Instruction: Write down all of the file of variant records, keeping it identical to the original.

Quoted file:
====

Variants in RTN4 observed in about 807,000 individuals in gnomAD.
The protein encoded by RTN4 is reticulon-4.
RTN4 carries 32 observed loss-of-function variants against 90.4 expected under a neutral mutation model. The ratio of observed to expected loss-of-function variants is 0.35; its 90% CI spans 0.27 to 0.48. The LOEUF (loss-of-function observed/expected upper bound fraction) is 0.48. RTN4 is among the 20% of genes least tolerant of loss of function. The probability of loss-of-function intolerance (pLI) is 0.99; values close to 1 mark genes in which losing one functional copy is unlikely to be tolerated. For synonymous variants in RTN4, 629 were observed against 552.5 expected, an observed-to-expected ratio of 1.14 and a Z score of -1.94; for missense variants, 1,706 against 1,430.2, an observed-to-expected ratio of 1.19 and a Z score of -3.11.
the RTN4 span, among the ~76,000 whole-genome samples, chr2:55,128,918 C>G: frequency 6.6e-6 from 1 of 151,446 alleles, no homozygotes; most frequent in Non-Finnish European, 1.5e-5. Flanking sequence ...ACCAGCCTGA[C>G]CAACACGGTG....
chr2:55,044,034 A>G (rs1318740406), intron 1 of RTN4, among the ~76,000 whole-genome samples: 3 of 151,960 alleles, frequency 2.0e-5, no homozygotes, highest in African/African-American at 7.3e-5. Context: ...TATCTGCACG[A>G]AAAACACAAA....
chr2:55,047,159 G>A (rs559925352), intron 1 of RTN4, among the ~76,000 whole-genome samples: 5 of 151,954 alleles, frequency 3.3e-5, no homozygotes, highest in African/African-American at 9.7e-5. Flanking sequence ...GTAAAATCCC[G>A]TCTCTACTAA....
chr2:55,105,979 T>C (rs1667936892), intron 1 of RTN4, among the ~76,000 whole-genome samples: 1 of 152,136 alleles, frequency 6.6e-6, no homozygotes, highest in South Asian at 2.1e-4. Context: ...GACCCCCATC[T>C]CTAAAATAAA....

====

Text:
Variants in RTN4 observed in about 807,000 individuals in gnomAD.
The protein encoded by RTN4 is reticulon-4.
RTN4 carries 32 observed loss-of-function variants against 90.4 expected under a neutral mutation model. The ratio of observed to expected loss-of-function variants is 0.35; its 90% CI spans 0.27 to 0.48. The LOEUF (loss-of-function observed/expected upper bound fraction) is 0.48. RTN4 is among the 20% of genes least tolerant of loss of function. The probability of loss-of-function intolerance (pLI) is 0.99; values close to 1 mark genes in which losing one functional copy is unlikely to be tolerated. For synonymous variants in RTN4, 629 were observed against 552.5 expected, an observed-to-expected ratio of 1.14 and a Z score of -1.94; for missense variants, 1,706 against 1,430.2, an observed-to-expected ratio of 1.19 and a Z score of -3.11.
the RTN4 span, among the ~76,000 whole-genome samples, chr2:55,128,918 C>G: frequency 6.6e-6 from 1 of 151,446 alleles, no homozygotes; most frequent in Non-Finnish European, 1.5e-5. Flanking sequence ...ACCAGCCTGA[C>G]CAACACGGTG....
chr2:55,044,034 A>G (rs1318740406), intron 1 of RTN4, among the ~76,000 whole-genome samples: 3 of 151,960 alleles, frequency 2.0e-5, no homozygotes, highest in African/African-American at 7.3e-5. Context: ...TATCTGCACG[A>G]AAAACACAAA....
chr2:55,047,159 G>A (rs559925352), intron 1 of RTN4, among the ~76,000 whole-genome samples: 5 of 151,954 alleles, frequency 3.3e-5, no homozygotes, highest in African/African-American at 9.7e-5. Flanking sequence ...GTAAAATCCC[G>A]TCTCTACTAA....
chr2:55,105,979 T>C (rs1667936892), intron 1 of RTN4, among the ~76,000 whole-genome samples: 1 of 152,136 alleles, frequency 6.6e-6, no homozygotes, highest in South Asian at 2.1e-4. Context: ...GACCCCCATC[T>C]CTAAAATAAA....